Vitamin B12 deficiency: Exploring the root cause

by | Mar 18, 2024 | Education & Training, News & Updates, Practice Nurse

Vitamin B12, also known as cobalamin, plays a pivotal role in our body’s essential functions. From nerve function to red blood cell formation, this multifaceted vitamin is a linchpin of our physiological operation. Yet despite its significance, many individuals suffer from vitamin B12 deficiency, often without even realising it. This deficiency can lead to a multitude of health issues, ranging from fatigue and weakness to more severe neurological complications if left untreated. When B12 levels drop, identifying and diagnosing the root cause can often be a complex but important process, requiring careful investigation to ensure we do not take a “sticking-plaster” approach to treatment.

So what can cause vitamin B12 deficiency?

Vitamin B12 deficiency

While vitamin B12 is essential for our well-being, maintaining adequate levels can sometimes be a challenge. Vitamin B12 is naturally found in animal products like meat, fish, eggs and dairy. Therefore strict vegans and vegetarians who don’t consume fortified foods or supplements are at an increased risk of deficiency.

However beyond dietary intake, a surprising array of factors can contribute to a B12 deficiency. Here we will delve into the possible causes of Vitamin B12 deficiency and the B12 differential diagnosis, according to the National Institute for Health and Care Excellence (NICE) guidelines, exploring the diverse conditions and lifestyle factors that can lead to a deficiency, ensuring a comprehensive understanding.

Complications of the Stomach

The absorption of vitamin B12 occurs in the small intestine with the help of intrinsic factor, a protein produced by the stomach lining. Any condition affecting the gastrointestinal tract, such as autoimmune gastritis (which can lead to pernicious anaemia), celiac disease, Crohn’s disease, or surgical procedures like gastric bypass surgery, gastrectomy or terminal ileal resection, can impair the absorption of B12, and increases the chance of developing vitamin B12 deficiency.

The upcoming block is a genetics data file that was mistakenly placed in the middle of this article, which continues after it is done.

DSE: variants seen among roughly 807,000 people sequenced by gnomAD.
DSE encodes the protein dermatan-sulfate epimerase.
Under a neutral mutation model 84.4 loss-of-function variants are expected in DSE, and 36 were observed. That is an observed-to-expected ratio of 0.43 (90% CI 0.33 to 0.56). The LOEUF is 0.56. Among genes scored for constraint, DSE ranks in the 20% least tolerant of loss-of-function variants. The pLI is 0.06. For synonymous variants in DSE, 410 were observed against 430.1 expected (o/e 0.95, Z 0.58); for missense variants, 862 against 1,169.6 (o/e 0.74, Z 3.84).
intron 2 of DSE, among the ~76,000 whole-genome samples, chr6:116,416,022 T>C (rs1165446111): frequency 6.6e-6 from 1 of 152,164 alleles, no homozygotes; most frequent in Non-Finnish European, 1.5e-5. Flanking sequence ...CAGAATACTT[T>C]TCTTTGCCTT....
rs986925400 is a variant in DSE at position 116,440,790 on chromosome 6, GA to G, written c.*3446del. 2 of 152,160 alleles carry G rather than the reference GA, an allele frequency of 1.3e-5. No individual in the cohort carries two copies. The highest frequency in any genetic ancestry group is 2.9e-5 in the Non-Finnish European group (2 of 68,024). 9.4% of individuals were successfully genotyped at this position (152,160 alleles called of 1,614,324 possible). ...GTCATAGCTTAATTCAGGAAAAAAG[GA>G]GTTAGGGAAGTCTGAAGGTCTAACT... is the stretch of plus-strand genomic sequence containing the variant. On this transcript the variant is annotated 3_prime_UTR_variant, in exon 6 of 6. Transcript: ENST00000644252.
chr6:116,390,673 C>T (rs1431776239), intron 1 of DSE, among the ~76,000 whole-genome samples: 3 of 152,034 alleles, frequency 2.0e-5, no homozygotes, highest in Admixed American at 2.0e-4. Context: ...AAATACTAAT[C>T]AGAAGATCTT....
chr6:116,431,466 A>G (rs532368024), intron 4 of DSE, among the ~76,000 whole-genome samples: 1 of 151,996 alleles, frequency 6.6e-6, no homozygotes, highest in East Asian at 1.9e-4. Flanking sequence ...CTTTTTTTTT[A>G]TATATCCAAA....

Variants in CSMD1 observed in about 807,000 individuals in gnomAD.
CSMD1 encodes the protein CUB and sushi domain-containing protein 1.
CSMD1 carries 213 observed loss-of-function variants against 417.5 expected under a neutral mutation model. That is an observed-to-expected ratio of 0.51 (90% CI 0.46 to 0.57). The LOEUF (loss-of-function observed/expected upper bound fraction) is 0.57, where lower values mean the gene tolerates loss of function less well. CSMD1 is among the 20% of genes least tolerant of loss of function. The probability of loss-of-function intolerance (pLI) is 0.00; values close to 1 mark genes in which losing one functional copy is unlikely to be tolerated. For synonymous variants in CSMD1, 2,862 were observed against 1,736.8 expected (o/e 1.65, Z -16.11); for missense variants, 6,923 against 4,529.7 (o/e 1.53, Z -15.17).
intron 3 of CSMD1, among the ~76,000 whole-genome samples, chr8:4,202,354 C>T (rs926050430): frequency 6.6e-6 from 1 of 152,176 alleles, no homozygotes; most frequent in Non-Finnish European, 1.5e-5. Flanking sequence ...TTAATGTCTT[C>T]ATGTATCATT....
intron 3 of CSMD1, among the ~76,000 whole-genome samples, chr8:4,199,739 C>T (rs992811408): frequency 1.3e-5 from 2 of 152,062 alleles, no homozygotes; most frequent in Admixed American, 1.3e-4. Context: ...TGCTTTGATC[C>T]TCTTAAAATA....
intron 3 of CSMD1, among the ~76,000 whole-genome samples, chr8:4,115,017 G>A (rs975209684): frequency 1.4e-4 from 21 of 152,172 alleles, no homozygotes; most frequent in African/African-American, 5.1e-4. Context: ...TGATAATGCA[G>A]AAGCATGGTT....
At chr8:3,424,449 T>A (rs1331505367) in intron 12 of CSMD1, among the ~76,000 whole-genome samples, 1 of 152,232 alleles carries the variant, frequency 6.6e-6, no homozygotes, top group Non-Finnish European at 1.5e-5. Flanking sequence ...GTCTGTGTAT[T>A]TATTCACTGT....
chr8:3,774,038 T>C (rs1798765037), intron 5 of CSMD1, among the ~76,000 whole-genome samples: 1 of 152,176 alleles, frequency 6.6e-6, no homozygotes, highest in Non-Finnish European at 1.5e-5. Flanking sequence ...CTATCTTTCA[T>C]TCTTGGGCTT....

Autoimmune Diseases

Among autoimmune diseases, multiple sclerosis (MS), Sjögren’s syndrome, type 1 diabetes and thyroid disorders pose a risk for B12 deficiency. In MS, the immune system can attack the cells responsible for B12 absorption, while thyroid disorders can disrupt hormones that influence B12 metabolism.


Certain medications can interfere with the absorption or utilisation of vitamin B12 in the body. Proton pump inhibitors (PPIs), commonly prescribed for acid reflux and ulcers, as well as metformin, a medication for diabetes, have been associated with decreased B12 absorption over prolonged use.

Other medications that can affect B12 absorption include colchicine, phenobarbital, pregabalin, primidone, topiramate and H2-receptor antagonists. Nitrous oxide is also known to inactivate vitamin B12 in the body. Therefore those who use recreational nitrous oxide are at risk of B12 deficiency.


Macrocytosis, a condition distinguished by larger-than-normal red blood cells, often signifies a B12 deficiency. It can result from a variety of conditions and factors, including alcohol misuse, liver disease, and certain medications. Pregnancy, too, can introduce temporary macrocytosis due to physiological plasma volume expansion.

Lifestyle Choices

Chronic alcohol consumption and the misuse of drugs can trigger a decline in vitamin B12 levels by altering gut absorption. Both tend to damage the stomach lining, disrupting the body’s ability to absorb B12 efficiently. Similarly, certain lifestyle choices, like smoking, can also pave the way to a B12 deficiency. Cigarette smoke contains cyanide, which the body converts into a substance that can interfere with vitamin B12 utilisation.